Virtual Otsukimi Celebration Entertains Viewers from Around the World
PLANO, September 2, 2020 – The Japan-America Society of Dallas/Fort Worth (JASDFW), in partnership with the Crow Museum of Asian Art of the University of Texas at Dallas, hosted its annual Otsukimi Moon Viewing Festival. The program was live streamed to YouTube from the JASDFW offices in Plano and hosted by Amy Hofland, the Crow Museum’s Senior Director.
This marked the 21st version of the annual event, and the first time that it was presented via live steam. The program has grown from a small gathering in a donor’s yard to now become a celebration attended by thousands. This year included live music, commercials from local Japanese restaurants and stores, taiko drumming, haiku reading, and special demonstrations. The Japan Foundation Center for Global Partnership served as the event sponsor. Community partners included the Dallas Japanese Association, the Fort Worth Japanese Society, and the Sendai Tourism, Convention, and International Association (SenTIA). The Grassroots Exchange Network Japan Program (GEN-J), CinemaStory Productions, and Kosuge Productions all played important roles in the program.
Otsukimi, a Japanese harvest moon festival, literally means “moon-viewing,” and it celebrates the Harvest Moon that typically falls on the fifth day of the eighth month of the traditional Japanese calendar. Japanese folklore says that there is a Rabbit-on-the-Moon that makes mochi. The Japanese believe that the Moon Rabbit is pounding rice into a paste that will be made into mochi rice cakes. Ancient Buddhist folklore tells of a virtuous rabbit that gave its life to feed a Buddhist deity disguised as a poor, elderly man. Touched by the rabbit’s selflessness, the deity drew the rabbit’s shape into the surface of the moon where it remains to this day. The tale is said to have given rise to Harvest Moon festivals across Asia. Traditionally, otsukimi festivals in Japan involve decorating with seasonal pampas grass, and eating tsukimi dango – a confectionery made from rice flour.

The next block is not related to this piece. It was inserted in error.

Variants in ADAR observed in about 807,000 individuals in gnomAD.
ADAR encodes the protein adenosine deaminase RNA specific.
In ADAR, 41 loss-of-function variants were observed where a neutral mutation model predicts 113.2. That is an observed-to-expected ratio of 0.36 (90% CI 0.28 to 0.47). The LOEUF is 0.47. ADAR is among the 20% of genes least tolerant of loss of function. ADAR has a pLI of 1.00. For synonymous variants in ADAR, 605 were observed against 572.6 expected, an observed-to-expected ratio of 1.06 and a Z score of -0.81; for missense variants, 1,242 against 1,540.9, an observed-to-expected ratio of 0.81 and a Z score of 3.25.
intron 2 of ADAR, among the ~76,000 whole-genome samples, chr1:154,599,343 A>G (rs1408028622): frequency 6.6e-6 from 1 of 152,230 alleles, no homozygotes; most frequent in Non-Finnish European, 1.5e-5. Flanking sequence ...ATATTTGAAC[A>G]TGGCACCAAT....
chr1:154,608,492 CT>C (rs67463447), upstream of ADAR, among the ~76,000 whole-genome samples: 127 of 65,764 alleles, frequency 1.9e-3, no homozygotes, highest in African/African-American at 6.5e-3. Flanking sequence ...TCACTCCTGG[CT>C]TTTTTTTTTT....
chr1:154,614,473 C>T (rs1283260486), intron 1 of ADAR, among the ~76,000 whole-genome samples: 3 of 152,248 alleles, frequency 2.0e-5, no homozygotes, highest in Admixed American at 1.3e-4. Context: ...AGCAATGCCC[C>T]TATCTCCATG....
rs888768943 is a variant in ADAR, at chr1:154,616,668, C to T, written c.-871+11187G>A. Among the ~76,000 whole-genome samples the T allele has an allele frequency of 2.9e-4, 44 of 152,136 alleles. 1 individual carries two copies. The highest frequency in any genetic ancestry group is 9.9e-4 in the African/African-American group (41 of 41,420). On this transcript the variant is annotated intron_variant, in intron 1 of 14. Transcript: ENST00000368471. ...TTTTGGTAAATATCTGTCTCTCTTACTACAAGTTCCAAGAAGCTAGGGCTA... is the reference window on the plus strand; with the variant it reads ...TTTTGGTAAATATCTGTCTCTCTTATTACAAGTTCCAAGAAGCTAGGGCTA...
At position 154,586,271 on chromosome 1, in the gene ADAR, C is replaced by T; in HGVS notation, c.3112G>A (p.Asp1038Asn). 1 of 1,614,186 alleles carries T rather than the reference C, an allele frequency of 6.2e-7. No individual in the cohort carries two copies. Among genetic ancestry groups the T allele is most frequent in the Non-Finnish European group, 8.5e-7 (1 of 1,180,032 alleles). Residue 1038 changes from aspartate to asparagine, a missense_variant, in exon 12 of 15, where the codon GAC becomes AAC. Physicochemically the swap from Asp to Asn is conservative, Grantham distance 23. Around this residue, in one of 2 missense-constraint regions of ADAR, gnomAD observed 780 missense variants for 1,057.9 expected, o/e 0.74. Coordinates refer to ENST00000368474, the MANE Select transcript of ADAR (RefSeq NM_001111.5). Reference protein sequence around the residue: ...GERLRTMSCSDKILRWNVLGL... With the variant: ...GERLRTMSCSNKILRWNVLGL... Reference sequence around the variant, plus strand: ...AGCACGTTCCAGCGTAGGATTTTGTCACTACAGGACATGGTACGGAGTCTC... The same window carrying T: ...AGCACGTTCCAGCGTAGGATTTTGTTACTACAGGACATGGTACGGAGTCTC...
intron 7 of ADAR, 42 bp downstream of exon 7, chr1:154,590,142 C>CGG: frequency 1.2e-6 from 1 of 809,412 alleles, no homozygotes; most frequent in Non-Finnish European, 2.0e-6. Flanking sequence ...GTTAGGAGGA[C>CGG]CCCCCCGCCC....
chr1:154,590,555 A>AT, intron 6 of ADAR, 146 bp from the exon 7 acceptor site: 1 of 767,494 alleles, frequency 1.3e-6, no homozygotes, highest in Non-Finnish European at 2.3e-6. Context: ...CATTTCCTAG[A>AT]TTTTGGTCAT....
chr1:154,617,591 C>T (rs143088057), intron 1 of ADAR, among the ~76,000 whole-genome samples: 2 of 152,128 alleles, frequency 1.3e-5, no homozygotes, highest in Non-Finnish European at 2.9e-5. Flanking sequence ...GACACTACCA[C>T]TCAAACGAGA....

Viewers tuned in from all around the world for this year’s Otsukimi Moon Viewing Festival and a special watch-party from Sendai even had a chance to be seen on-screen. All attendees enjoyed special presentations that included a tsukimi dango cooking demonstration, haiku reading with poems submitted by viewers, a telling of the story of the moon-rabbit, and commercials from local Japanese business such as Ebesu Robata and Sushi, Sushi Sake, Mitsuwa Marketplace, Tei-An, and Yama Izakaya and Sushi.
The broadcast began with a message from Grant Ogata, President of the Japan-America Society of Dallas/Fort Worth, before kicking off a thunderous start, as popular local group Dallas Kiyari Daiko showcased their taiko drumming. Other musical performances included koto player Masayo Ishigure, who returned for her second year as an Otsukimi performer, world-renowned shamisen player Sho Asano, performance calligraphy by the Miyagi Prefecture Miyagi First Senior High School calligraphy club, a shakuhachi performance by Jon Johnston, and the Sendai sparrow dance performance by Date-no-Mai.
The Japan-America Society is excited to bring this on-going festival to new audiences in a new format, and to showcase talent from across North Texas and from around the world. We look forward to continuing to bring these performers and other cultural outreach opportunities to next year’s Otsukimi Moon Viewing Festival.